Slack Developer Kit for Node.js
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Building Bots

So you want to build a bot? You’ve come to the right place. This guide will get you started building bots, but lucky you there is an entire book written on the subject of building bots with this module. If you are serious about bots, we heartily recommend this book.

In the meantime, here are some thoughts on getting started.

See Tokens & Authentication for API token best practices.


Initializing a bot

Bots can interact with the Slack Platform in one of two ways, either the Real-Time Messaging (RTM) service, or the Events API service. At the moment, Slack Developer Kit for Node.js only supports the RTM service; all interaction will be through an instance of the RTMClient class.

Starting a bot up requires a bot token (bot tokens start with xoxb-), which can be had either creating a custom bot or by creating an app with a bot user, at the end of the OAuth dance. If you aren’t sure path is right for you, have a look at the Bot Users documentation.

var RtmClient = require('@slack/client').RtmClient;
var CLIENT_EVENTS = require('@slack/client').CLIENT_EVENTS;

var bot_token = process.env.SLACK_BOT_TOKEN || '';

var rtm = new RtmClient(bot_token);

// The client will emit an RTM.AUTHENTICATED event on successful connection, with the `rtm.start` payload if you want to cache it
rtm.on(CLIENT_EVENTS.RTM.AUTHENTICATED, function (rtmStartData) {
  console.log(`Logged in as ${rtmStartData.self.name} of team ${rtmStartData.team.name}, but not yet connected to a channel`);
});

rtm.start();

Posting a message

Of course, just starting a bot running doesn’t accomplish much! It would be nice to be able to send messages, right? We can do that by sending a message over the RTM connection as such.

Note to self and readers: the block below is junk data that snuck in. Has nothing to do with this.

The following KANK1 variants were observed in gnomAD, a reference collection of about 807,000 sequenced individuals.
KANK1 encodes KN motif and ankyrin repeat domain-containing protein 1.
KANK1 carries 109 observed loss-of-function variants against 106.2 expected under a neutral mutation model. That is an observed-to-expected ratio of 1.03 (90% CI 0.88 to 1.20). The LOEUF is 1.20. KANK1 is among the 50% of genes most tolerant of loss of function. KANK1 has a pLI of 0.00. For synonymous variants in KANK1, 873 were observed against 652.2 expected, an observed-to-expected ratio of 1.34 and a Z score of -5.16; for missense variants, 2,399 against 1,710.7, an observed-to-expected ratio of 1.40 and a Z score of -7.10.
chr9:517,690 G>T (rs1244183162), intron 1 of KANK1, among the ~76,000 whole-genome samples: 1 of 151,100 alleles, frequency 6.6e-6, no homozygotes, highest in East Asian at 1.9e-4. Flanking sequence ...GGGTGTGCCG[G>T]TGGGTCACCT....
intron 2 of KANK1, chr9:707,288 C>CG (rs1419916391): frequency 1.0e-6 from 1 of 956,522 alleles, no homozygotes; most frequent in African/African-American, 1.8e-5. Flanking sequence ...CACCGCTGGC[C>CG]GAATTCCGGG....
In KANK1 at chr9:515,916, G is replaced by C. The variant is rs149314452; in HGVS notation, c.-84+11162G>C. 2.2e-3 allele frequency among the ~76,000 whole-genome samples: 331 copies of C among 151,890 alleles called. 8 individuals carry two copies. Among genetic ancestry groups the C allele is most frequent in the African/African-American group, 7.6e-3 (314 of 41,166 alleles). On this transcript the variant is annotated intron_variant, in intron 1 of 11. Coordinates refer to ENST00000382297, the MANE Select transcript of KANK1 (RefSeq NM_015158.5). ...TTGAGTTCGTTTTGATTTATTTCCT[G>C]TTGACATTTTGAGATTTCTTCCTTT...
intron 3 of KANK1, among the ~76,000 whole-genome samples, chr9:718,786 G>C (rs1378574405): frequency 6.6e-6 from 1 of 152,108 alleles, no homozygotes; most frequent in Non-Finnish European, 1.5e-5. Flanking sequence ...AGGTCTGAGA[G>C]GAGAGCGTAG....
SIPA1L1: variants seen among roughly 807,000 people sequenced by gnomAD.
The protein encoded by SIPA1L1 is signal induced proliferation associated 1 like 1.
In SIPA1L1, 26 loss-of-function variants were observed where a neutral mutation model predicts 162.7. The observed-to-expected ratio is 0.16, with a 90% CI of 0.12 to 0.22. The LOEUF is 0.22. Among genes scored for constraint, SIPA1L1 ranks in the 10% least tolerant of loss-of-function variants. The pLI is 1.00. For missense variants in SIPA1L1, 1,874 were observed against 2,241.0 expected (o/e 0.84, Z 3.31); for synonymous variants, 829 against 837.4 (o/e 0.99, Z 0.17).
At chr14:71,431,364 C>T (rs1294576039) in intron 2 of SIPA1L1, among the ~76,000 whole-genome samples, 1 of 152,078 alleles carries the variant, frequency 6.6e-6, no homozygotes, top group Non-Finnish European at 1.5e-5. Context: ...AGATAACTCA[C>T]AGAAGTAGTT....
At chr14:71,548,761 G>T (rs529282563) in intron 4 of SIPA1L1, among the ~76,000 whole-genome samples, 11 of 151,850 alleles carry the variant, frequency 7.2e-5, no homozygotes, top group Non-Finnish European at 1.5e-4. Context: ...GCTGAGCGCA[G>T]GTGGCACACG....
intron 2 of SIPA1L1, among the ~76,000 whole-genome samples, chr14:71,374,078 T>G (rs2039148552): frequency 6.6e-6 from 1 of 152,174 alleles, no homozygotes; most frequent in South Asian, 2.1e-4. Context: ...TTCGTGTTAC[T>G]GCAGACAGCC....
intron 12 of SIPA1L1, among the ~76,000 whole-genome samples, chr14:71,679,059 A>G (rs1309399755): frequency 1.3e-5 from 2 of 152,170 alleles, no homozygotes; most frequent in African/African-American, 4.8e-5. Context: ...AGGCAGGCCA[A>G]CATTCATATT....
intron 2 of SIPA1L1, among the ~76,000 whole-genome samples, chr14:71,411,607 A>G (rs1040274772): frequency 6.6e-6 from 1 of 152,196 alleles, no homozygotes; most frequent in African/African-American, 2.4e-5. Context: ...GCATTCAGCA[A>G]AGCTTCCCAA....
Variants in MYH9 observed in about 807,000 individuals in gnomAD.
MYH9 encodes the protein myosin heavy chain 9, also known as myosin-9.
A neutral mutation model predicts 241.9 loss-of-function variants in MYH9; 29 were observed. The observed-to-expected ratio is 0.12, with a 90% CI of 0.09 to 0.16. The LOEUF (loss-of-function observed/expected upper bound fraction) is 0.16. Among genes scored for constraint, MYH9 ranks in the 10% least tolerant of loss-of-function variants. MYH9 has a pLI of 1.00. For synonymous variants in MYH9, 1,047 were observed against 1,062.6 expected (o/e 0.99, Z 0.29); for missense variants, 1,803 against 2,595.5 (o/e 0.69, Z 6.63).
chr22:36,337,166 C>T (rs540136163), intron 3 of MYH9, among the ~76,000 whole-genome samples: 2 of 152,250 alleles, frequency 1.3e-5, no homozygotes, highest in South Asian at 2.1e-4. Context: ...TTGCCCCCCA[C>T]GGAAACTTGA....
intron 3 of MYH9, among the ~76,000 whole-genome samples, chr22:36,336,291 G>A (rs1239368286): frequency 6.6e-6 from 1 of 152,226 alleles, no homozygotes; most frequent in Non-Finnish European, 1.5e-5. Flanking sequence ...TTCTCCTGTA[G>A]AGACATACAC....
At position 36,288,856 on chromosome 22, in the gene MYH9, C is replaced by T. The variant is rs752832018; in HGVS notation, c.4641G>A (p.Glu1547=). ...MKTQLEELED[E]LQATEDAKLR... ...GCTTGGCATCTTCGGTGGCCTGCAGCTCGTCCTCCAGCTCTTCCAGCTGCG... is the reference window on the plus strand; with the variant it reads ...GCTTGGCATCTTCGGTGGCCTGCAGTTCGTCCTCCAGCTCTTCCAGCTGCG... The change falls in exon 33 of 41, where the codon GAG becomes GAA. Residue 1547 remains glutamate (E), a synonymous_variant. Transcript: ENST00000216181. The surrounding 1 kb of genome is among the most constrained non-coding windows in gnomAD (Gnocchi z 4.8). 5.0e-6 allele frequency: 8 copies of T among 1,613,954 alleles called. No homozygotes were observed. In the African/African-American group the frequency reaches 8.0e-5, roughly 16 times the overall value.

var RtmClient = require('@slack/client').RtmClient;
var CLIENT_EVENTS = require('@slack/client').CLIENT_EVENTS;

var bot_token = process.env.SLACK_BOT_TOKEN || '';

var rtm = new RtmClient(bot_token);

let channel;

// The client will emit an RTM.AUTHENTICATED event on successful connection, with the `rtm.start` payload
rtm.on(CLIENT_EVENTS.RTM.AUTHENTICATED, (rtmStartData) => {
  for (const c of rtmStartData.channels) {
    if (c.is_member && c.name ==='general') { channel = c.id }
  }
  console.log(`Logged in as ${rtmStartData.self.name} of team ${rtmStartData.team.name}, but not yet connected to a channel`);
});

// you need to wait for the client to fully connect before you can send messages
rtm.on(CLIENT_EVENTS.RTM.RTM_CONNECTION_OPENED, function () {
  rtm.sendMessage("Hello!", channel);
});

rtm.start();

Bots are Event consumers

What differentiates bots from other kinds of apps is that Slack pushes events to bots. An event is anything that changes the state of a Slack team: A message being posted into a channel, yes, but also: Someone new joining the team, someone joining a channel, a reaction being added to a message, &c., &c. So a bot is basically an event handler. Programming a bot is largely a process of deciding which events to handle, and then determining how each should be handled. You can read more about the range and kinds of events that Slack emits in the Events documentation.

Bots are like vampires: They have to be invited in. Bots will only receive events that are either at the team level (such as new members joining the team), or at the level of channels of which the bot is a member. Bots do not receive events for channels they are not members of—this is a security issue. So do make sure you’ve invited your bot into at least one channel before testing!